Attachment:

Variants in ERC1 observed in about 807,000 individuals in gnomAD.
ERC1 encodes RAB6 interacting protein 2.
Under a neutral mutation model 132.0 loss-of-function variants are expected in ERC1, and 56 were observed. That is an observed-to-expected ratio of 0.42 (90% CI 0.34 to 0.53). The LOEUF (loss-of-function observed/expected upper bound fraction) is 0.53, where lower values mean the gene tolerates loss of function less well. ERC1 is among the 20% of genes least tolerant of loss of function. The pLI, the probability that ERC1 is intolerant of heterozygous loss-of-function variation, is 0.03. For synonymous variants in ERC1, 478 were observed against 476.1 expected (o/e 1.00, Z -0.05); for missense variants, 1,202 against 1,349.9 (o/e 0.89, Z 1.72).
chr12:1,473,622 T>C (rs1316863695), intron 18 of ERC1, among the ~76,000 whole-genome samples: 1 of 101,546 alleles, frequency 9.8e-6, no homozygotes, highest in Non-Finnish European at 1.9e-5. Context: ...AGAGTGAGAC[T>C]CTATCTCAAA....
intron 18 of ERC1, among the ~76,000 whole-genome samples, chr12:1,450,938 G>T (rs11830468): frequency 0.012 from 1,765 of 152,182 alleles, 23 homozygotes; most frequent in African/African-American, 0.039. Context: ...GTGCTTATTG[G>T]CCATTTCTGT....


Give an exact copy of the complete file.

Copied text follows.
Variants in ERC1 observed in about 807,000 individuals in gnomAD.
ERC1 encodes RAB6 interacting protein 2.
Under a neutral mutation model 132.0 loss-of-function variants are expected in ERC1, and 56 were observed. That is an observed-to-expected ratio of 0.42 (90% CI 0.34 to 0.53). The LOEUF (loss-of-function observed/expected upper bound fraction) is 0.53, where lower values mean the gene tolerates loss of function less well. ERC1 is among the 20% of genes least tolerant of loss of function. The pLI, the probability that ERC1 is intolerant of heterozygous loss-of-function variation, is 0.03. For synonymous variants in ERC1, 478 were observed against 476.1 expected (o/e 1.00, Z -0.05); for missense variants, 1,202 against 1,349.9 (o/e 0.89, Z 1.72).
chr12:1,473,622 T>C (rs1316863695), intron 18 of ERC1, among the ~76,000 whole-genome samples: 1 of 101,546 alleles, frequency 9.8e-6, no homozygotes, highest in Non-Finnish European at 1.9e-5. Context: ...AGAGTGAGAC[T>C]CTATCTCAAA....
intron 18 of ERC1, among the ~76,000 whole-genome samples, chr12:1,450,938 G>T (rs11830468): frequency 0.012 from 1,765 of 152,182 alleles, 23 homozygotes; most frequent in African/African-American, 0.039. Context: ...GTGCTTATTG[G>T]CCATTTCTGT....